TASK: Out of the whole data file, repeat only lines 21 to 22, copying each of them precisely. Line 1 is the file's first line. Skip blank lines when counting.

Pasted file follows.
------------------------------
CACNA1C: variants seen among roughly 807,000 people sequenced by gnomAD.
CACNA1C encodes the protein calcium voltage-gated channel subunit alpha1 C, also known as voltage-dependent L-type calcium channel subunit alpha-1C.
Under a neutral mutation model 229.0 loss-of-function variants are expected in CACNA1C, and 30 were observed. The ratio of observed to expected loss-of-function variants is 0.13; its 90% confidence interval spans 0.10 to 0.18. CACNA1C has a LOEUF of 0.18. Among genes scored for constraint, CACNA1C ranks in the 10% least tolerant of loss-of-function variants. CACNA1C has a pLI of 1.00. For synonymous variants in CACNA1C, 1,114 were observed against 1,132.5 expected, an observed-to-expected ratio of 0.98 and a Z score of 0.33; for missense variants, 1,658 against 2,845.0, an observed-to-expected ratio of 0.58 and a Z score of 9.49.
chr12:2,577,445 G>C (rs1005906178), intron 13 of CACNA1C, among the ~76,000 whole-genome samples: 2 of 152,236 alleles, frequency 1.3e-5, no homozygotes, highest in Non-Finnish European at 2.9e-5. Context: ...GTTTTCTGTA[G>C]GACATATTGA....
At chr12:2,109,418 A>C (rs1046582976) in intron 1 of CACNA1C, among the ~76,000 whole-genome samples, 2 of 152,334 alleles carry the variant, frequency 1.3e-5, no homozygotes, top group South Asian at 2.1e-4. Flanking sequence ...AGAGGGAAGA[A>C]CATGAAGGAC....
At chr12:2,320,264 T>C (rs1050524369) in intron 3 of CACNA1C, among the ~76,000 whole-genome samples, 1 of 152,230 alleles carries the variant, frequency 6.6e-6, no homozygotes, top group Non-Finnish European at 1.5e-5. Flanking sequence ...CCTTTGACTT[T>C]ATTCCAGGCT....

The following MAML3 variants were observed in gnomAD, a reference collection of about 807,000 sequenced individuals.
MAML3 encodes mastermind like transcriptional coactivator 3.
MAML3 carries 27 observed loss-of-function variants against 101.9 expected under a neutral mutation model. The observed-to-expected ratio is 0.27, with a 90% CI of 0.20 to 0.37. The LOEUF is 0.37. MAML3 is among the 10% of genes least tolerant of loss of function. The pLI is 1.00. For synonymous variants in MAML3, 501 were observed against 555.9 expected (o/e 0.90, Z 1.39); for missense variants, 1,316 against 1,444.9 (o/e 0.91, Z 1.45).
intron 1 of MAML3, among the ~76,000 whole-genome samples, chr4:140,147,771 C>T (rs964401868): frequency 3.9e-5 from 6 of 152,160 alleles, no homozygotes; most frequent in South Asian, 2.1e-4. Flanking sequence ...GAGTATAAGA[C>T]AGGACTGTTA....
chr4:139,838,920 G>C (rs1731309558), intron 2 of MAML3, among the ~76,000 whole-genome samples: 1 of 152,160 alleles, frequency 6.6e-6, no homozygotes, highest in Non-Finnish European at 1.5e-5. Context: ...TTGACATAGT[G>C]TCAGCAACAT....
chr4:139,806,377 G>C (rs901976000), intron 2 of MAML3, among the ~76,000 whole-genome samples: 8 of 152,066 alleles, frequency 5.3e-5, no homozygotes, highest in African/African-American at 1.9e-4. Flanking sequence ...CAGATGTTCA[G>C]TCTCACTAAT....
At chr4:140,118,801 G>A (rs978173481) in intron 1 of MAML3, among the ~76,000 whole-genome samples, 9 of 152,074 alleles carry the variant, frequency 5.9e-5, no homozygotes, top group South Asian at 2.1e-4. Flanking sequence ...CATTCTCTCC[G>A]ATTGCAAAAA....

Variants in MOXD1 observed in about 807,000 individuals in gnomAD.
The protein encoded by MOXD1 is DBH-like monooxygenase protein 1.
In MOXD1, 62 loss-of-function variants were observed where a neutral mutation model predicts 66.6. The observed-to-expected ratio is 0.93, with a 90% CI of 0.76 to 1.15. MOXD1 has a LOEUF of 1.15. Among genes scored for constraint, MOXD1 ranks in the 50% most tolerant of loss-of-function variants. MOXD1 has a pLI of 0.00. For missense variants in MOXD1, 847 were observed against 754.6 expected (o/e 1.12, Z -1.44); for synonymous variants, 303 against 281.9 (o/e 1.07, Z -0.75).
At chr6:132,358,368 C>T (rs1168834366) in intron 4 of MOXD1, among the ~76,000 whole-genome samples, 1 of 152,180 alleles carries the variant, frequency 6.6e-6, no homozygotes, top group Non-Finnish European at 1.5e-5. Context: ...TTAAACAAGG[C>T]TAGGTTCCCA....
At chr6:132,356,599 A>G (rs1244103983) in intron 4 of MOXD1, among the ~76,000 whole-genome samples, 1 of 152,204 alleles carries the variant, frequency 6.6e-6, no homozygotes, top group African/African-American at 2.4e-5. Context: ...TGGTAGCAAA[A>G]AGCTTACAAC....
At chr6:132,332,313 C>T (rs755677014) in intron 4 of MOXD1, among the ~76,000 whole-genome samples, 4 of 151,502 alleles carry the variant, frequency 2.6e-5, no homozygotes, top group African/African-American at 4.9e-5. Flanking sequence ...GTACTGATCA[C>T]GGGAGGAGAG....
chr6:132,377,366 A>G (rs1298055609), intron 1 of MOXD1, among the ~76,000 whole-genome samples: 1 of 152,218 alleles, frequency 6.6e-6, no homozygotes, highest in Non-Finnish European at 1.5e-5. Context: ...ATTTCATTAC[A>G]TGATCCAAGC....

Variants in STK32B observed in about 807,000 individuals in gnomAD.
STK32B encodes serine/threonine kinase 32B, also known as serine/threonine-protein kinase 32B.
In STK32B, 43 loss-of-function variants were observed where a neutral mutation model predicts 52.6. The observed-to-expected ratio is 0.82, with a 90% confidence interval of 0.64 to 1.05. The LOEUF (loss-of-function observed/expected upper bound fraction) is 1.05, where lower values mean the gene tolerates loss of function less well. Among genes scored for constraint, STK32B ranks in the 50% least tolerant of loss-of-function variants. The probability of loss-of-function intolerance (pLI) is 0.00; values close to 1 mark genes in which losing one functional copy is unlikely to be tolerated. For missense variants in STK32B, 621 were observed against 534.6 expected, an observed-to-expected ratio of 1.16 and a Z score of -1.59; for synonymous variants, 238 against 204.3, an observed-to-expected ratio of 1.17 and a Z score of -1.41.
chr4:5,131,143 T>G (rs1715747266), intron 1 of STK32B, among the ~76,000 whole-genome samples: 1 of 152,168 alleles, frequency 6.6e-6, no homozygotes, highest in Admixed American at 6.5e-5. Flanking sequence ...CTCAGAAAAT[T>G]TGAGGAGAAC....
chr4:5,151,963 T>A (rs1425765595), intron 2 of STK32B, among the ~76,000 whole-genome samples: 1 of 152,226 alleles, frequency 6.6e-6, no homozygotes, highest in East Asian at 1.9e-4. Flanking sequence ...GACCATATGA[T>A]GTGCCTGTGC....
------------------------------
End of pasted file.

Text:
Variants in STK32B observed in about 807,000 individuals in gnomAD.
STK32B encodes serine/threonine kinase 32B, also known as serine/threonine-protein kinase 32B.